Published April 10, 2018 – Visalia Times-Delta.
The California Police Chiefs Association is proposing a statewide initiative that would help address some of the problems that have resulted from the passage of recent ballot measures, particularly Propositions 47 and 57.
Locally, Visalia Police Chief Jason Salazar is in support of the proposed Reducing Crime and Keeping California Safe Act of 2018.
He asked Visalia City Council to adopt a resolution in support of the measure, which is expected to be placed on the November ballot.
“The passage of this proposition would be a step toward curbing the increases Visalia has seen in property crimes by providing law enforcement and the courts with the appropriate tools and resources to hold career criminals and violent criminals more accountable for their actions and improving public safety,” Salazar said.
Council members unanimously approved the resolution during a recent council meeting.
Visalia Mayor Warren Gubler said he thinks “Sacramento went too far” when they pushed to allow more early releases from prison to help ease crowding.
Gubler added that “homelessness is out of control” in the city and could be a result of the new laws.
“It seems like it just ended up increasing homelessness even as it tied the hands of law enforcement,” Gubler said.
The November ballot measure would better define violent crimes by expanding the list to include the rape of an unconscious person, trafficking a child for sex, assault of a peace officer, felony domestic violence and other crimes that are not currently classified as “violent felonies,” Salazar said.
Visalia has seen an increase in part-one crimes — homicide, rape, robbery, assault, burglary, larceny, and auto theft, Salazar said.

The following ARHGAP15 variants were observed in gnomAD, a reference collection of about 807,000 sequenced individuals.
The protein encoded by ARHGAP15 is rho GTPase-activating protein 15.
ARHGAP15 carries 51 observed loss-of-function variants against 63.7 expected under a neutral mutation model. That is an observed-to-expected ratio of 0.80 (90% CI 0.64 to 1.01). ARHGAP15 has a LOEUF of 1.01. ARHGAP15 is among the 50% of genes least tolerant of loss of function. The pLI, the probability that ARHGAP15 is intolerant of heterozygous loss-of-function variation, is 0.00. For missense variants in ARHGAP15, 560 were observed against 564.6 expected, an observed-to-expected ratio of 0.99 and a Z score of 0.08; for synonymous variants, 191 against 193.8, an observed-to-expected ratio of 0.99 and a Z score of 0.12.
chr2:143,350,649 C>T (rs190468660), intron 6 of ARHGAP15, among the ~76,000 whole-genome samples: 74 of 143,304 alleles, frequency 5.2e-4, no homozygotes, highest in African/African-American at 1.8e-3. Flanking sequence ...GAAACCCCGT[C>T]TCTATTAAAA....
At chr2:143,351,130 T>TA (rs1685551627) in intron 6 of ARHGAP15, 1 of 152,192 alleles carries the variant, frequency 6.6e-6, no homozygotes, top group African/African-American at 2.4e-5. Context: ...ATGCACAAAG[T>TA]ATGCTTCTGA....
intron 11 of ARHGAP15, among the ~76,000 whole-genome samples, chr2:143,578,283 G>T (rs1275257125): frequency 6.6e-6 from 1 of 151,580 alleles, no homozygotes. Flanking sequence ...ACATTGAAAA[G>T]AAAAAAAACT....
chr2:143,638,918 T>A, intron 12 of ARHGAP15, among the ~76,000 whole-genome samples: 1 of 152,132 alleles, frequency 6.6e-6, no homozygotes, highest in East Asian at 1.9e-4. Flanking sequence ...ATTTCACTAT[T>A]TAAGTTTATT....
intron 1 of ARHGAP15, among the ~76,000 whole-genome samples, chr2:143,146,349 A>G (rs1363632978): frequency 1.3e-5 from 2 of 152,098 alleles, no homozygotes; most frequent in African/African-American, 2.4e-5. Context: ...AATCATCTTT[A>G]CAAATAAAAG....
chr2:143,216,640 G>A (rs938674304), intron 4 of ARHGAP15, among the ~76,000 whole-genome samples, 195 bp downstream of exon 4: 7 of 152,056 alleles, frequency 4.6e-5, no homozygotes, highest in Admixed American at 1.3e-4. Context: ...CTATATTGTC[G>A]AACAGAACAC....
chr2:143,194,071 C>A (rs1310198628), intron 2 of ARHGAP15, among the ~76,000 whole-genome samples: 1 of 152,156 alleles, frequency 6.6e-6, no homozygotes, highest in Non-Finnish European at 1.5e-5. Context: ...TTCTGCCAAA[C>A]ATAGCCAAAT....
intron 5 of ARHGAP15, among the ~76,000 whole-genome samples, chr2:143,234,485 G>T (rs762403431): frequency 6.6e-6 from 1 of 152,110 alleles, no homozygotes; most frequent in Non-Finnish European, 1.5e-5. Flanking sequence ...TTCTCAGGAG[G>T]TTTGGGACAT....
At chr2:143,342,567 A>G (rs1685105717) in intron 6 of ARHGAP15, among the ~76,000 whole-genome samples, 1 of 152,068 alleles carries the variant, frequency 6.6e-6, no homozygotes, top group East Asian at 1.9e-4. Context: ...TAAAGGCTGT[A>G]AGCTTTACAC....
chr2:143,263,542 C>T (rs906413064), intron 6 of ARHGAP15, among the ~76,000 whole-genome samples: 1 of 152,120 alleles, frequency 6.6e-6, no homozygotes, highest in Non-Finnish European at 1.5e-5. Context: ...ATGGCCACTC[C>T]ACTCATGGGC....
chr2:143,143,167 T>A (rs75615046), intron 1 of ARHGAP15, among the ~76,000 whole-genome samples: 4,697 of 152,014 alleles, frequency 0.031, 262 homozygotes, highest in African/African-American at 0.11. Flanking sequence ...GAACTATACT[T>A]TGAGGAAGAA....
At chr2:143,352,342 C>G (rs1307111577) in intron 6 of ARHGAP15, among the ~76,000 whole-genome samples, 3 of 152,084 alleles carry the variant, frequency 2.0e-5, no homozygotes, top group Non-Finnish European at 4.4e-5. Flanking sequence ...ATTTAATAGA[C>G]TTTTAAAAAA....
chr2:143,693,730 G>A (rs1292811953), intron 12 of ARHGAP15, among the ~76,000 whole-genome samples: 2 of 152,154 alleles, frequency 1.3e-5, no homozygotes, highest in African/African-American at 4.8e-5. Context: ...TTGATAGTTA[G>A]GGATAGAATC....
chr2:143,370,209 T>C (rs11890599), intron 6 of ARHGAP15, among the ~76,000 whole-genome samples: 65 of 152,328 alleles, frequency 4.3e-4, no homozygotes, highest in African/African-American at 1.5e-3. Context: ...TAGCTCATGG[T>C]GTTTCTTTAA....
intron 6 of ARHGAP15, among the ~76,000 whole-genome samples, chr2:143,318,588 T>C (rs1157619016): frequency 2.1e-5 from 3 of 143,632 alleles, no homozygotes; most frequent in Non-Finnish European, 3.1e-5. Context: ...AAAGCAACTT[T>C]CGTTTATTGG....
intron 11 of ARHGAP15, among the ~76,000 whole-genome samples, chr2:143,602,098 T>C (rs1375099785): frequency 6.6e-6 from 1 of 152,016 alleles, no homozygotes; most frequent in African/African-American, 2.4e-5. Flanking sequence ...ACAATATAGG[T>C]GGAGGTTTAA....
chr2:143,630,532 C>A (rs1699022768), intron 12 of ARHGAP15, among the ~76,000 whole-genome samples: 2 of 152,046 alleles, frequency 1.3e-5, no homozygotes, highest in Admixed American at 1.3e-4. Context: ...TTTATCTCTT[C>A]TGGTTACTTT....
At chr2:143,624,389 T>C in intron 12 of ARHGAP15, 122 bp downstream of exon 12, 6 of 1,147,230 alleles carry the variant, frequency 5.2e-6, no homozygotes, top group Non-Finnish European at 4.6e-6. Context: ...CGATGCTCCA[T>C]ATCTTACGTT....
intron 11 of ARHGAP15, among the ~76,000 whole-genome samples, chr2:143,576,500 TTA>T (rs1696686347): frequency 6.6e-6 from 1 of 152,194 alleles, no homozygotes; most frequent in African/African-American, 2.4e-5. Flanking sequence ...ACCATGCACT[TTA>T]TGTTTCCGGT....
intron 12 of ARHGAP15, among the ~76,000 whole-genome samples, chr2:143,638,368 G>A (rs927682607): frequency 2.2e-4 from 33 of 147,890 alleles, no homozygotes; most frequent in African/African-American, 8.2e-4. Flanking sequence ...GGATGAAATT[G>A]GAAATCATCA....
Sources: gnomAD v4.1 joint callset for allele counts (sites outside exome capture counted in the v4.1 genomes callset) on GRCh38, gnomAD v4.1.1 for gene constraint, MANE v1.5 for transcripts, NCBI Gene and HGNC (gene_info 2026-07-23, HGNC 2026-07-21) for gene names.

Salazar attributed the increase to Prop. 47 and he isn’t the only one who’s taken note of the spike.
Law enforcement throughout the state has seen direct impacts from the passage of these criminal justice reforms in their communities.
The Keeping California Safe Act revises the theft threshold by adding a felony for serial theft — a person caught three times for stealing more than $250.
Theft has increased by 12 percent to 25 percent, with losses of a $1 billion since Prop. 47 was passed. The financial threshold for theft was increased from $450 to $950, according to a Visalia staff report.
The measure would also require the parole board to consider an inmate’s entire criminal history when deciding parole, not just this most recent commitment offense. It would also require a mandatory hearing to determine whether parole should be denied for any parolee who violates the terms of parole for a third time.
Currently, parolees who repeatedly violate the terms of their parole face few consequences.
From 2007 to 2014, property crimes had decreased by 27 percent, violent crimes decreased by 11 percent, and Visalia’s total crimes had decreased by 23 percent.
After the passage of Prop. 47 — from 2014 to 2017 — property crimes have increased 16 percent, violent crimes have continued to decrease another 12 percent, and Visalia’s total crimes have increased by 7 percent.
Larceny has shown the most significant increase at 20 percent, burglary at 7 percent, and auto theft at 9 percent since 2014.